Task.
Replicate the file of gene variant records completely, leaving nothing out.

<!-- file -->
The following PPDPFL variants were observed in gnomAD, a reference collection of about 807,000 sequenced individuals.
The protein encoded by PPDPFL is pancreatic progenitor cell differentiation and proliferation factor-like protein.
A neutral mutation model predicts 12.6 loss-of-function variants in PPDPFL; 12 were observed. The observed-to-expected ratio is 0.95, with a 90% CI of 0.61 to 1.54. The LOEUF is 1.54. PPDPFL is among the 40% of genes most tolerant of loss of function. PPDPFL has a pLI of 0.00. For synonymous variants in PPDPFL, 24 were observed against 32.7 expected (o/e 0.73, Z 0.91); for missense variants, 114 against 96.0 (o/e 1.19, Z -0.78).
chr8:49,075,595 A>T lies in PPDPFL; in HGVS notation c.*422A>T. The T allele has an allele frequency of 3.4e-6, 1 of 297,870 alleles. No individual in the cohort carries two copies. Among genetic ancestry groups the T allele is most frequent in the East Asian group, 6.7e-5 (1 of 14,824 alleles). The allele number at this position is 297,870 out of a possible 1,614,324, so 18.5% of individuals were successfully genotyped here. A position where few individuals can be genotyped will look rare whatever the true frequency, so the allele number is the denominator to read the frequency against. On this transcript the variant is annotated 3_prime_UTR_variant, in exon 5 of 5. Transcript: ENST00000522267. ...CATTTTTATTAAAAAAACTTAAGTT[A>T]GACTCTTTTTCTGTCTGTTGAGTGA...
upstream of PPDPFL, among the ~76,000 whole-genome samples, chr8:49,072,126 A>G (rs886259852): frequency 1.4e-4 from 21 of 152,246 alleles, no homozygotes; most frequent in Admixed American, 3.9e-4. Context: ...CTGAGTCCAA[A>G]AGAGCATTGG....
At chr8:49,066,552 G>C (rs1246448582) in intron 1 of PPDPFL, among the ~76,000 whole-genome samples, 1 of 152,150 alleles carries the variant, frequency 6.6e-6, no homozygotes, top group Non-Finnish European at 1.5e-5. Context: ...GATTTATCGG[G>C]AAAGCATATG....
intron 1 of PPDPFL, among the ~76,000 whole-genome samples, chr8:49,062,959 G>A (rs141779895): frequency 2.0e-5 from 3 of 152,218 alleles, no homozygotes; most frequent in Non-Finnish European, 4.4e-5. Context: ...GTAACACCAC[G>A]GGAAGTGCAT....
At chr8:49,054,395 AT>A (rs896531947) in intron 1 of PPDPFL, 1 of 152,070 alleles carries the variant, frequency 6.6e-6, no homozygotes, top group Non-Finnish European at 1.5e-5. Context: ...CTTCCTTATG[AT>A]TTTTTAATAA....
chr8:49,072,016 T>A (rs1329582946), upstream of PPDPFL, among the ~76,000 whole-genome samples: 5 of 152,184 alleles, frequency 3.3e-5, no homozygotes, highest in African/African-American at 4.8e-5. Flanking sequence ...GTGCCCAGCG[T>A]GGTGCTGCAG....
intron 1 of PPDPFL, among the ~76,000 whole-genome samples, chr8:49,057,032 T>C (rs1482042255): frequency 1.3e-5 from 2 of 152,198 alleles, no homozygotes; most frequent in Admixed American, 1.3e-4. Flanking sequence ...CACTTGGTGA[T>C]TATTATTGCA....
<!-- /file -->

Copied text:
The following PPDPFL variants were observed in gnomAD, a reference collection of about 807,000 sequenced individuals.
The protein encoded by PPDPFL is pancreatic progenitor cell differentiation and proliferation factor-like protein.
A neutral mutation model predicts 12.6 loss-of-function variants in PPDPFL; 12 were observed. The observed-to-expected ratio is 0.95, with a 90% CI of 0.61 to 1.54. The LOEUF is 1.54. PPDPFL is among the 40% of genes most tolerant of loss of function. PPDPFL has a pLI of 0.00. For synonymous variants in PPDPFL, 24 were observed against 32.7 expected (o/e 0.73, Z 0.91); for missense variants, 114 against 96.0 (o/e 1.19, Z -0.78).
chr8:49,075,595 A>T lies in PPDPFL; in HGVS notation c.*422A>T. The T allele has an allele frequency of 3.4e-6, 1 of 297,870 alleles. No individual in the cohort carries two copies. Among genetic ancestry groups the T allele is most frequent in the East Asian group, 6.7e-5 (1 of 14,824 alleles). The allele number at this position is 297,870 out of a possible 1,614,324, so 18.5% of individuals were successfully genotyped here. A position where few individuals can be genotyped will look rare whatever the true frequency, so the allele number is the denominator to read the frequency against. On this transcript the variant is annotated 3_prime_UTR_variant, in exon 5 of 5. Transcript: ENST00000522267. ...CATTTTTATTAAAAAAACTTAAGTT[A>T]GACTCTTTTTCTGTCTGTTGAGTGA...
upstream of PPDPFL, among the ~76,000 whole-genome samples, chr8:49,072,126 A>G (rs886259852): frequency 1.4e-4 from 21 of 152,246 alleles, no homozygotes; most frequent in Admixed American, 3.9e-4. Context: ...CTGAGTCCAA[A>G]AGAGCATTGG....
At chr8:49,066,552 G>C (rs1246448582) in intron 1 of PPDPFL, among the ~76,000 whole-genome samples, 1 of 152,150 alleles carries the variant, frequency 6.6e-6, no homozygotes, top group Non-Finnish European at 1.5e-5. Context: ...GATTTATCGG[G>C]AAAGCATATG....
intron 1 of PPDPFL, among the ~76,000 whole-genome samples, chr8:49,062,959 G>A (rs141779895): frequency 2.0e-5 from 3 of 152,218 alleles, no homozygotes; most frequent in Non-Finnish European, 4.4e-5. Context: ...GTAACACCAC[G>A]GGAAGTGCAT....
At chr8:49,054,395 AT>A (rs896531947) in intron 1 of PPDPFL, 1 of 152,070 alleles carries the variant, frequency 6.6e-6, no homozygotes, top group Non-Finnish European at 1.5e-5. Context: ...CTTCCTTATG[AT>A]TTTTTAATAA....
chr8:49,072,016 T>A (rs1329582946), upstream of PPDPFL, among the ~76,000 whole-genome samples: 5 of 152,184 alleles, frequency 3.3e-5, no homozygotes, highest in African/African-American at 4.8e-5. Flanking sequence ...GTGCCCAGCG[T>A]GGTGCTGCAG....
intron 1 of PPDPFL, among the ~76,000 whole-genome samples, chr8:49,057,032 T>C (rs1482042255): frequency 1.3e-5 from 2 of 152,198 alleles, no homozygotes; most frequent in Admixed American, 1.3e-4. Flanking sequence ...CACTTGGTGA[T>C]TATTATTGCA....